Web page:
History at New Park
At New Park Primary School, we are committed to providing a purposeful and stimulating History curriculum that fully prepares the children for the next steps in their learning and opens the doors to the wider world. We want to teach our children to develop a love of History and aim to do this through inspiring in pupils a curiosity and fascination to find out about Britain’s past, extending this to discovering more about the History of the wider world and encompassing the process of change throughout History. We seek to do this through deepening children’s understanding and providing them with transferable skills that can be used across the curriculum and outside of school.
We believe that high-quality History lessons motivate our children to want to know more about the past and develop their ability to think and act as historians. Through our History lessons, we want the children to gain in knowledge and skills in the classroom and through educational visitors and visits.
A high-quality history education will help our children gain a coherent knowledge and understanding of Britain’s past and that of the wider world. It should inspire pupils’ curiosity to know more about the past. Teaching should equip children to ask perceptive questions, think critically, weigh evidence, form arguments, and develop perspective and judgement. History helps children to understand the complexity of people’s lives, the process of change, the diversity of societies and relationships between different groups, as well as their own identity and the challenges of their time.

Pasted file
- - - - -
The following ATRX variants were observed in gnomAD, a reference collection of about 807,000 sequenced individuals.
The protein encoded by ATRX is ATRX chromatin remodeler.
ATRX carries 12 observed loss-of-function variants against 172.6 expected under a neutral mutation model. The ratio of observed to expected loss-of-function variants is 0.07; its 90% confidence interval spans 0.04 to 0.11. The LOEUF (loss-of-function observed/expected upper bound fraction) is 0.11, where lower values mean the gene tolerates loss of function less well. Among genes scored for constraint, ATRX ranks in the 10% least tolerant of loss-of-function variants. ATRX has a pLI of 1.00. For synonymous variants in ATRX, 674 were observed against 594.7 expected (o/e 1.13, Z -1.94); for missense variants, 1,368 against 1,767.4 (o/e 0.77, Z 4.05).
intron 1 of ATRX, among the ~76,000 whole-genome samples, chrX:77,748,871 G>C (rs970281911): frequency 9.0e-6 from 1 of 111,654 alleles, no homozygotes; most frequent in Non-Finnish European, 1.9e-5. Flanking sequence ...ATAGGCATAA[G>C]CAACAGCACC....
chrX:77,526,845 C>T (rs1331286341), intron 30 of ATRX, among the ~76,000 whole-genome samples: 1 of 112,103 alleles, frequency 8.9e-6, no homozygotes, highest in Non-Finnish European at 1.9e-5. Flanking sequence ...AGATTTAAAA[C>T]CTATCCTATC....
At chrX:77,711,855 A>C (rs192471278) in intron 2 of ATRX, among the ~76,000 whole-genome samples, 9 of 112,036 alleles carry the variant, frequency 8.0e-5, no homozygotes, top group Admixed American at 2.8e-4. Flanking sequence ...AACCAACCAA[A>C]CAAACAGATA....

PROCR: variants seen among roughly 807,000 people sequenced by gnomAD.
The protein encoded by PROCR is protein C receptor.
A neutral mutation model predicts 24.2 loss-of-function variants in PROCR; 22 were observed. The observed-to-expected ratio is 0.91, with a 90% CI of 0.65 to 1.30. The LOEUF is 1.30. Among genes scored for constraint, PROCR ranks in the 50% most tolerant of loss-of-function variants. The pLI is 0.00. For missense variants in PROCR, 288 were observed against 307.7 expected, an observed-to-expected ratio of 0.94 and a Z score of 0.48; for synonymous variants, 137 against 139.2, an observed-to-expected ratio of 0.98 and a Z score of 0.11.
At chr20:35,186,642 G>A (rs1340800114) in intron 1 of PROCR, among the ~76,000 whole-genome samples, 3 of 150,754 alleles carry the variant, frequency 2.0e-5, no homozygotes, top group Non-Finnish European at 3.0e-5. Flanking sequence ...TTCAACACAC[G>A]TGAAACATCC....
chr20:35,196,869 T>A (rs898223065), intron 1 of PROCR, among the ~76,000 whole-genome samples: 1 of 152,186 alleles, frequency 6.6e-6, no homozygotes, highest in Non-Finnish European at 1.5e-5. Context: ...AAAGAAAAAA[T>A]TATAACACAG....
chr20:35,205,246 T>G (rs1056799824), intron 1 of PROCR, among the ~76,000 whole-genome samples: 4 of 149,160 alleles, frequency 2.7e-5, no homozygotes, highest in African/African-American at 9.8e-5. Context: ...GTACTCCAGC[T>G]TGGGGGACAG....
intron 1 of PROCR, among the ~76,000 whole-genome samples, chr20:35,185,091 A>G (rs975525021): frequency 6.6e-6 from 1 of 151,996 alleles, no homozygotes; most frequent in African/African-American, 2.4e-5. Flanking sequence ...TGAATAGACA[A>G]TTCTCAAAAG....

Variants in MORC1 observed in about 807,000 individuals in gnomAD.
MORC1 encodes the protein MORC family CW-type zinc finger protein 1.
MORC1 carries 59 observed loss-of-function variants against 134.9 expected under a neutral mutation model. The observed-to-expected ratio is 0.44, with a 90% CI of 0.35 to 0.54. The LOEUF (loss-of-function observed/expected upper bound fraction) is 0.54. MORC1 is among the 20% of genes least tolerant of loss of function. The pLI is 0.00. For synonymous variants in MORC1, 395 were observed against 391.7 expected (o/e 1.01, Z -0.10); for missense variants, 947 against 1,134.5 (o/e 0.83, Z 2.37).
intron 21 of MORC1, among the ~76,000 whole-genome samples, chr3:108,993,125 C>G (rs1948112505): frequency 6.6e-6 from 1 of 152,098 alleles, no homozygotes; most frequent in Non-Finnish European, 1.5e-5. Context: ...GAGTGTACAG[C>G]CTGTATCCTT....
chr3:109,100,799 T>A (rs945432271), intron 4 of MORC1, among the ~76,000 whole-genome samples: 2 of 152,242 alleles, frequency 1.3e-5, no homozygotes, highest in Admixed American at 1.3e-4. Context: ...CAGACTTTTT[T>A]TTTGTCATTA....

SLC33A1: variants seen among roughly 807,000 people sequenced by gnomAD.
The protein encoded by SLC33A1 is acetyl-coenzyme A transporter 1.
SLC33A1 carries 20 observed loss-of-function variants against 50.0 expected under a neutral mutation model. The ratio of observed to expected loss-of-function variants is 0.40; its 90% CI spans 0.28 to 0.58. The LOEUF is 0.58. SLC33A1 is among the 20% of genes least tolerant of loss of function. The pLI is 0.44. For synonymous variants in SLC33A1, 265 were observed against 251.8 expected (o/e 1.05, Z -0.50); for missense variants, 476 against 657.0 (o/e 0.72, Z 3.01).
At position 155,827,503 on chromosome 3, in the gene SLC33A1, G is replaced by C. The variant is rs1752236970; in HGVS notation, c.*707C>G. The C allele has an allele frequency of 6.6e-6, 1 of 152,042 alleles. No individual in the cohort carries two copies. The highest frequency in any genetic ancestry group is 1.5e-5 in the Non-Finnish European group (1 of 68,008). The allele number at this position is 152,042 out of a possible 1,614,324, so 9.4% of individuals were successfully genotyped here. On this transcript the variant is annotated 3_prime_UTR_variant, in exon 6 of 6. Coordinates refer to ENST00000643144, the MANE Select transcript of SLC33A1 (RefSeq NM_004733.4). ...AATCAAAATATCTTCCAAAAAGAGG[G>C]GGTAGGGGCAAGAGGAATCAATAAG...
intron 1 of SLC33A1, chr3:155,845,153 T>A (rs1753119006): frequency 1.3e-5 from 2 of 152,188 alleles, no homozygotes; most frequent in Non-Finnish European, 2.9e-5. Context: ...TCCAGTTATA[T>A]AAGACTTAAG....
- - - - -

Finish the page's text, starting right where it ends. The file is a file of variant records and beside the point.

We aim to develop the following skills to help our children to become confident historians:
- Demonstrate developing sense of curiosity about the past and how and why people interpret the past in different ways.
- Develop an excellent knowledge and understanding of significant people and events from a range of historical periods, including significant events in Britain’s past;
- Demonstrate an understanding of the concept of chronology
- Develop the ability to think critically about History and communicate ideas confidently;
- Promote the ability to think, reflect, discuss and evaluate the past.
- Develop a desire to embrace challenging activities, including opportunities to undertake high-quality research across a range of History topics.
- know and understand the history of these islands as a coherent, chronological narrative, from the earliest times to the present day: how people’s lives have shaped this nation and how Britain has influenced and been influenced by the wider world.
- know and understand significant aspects of the history of the wider world: the nature of ancient civilisations; the expansion and dissolution of empires; characteristic features of past non-European societies; achievements and follies of mankind.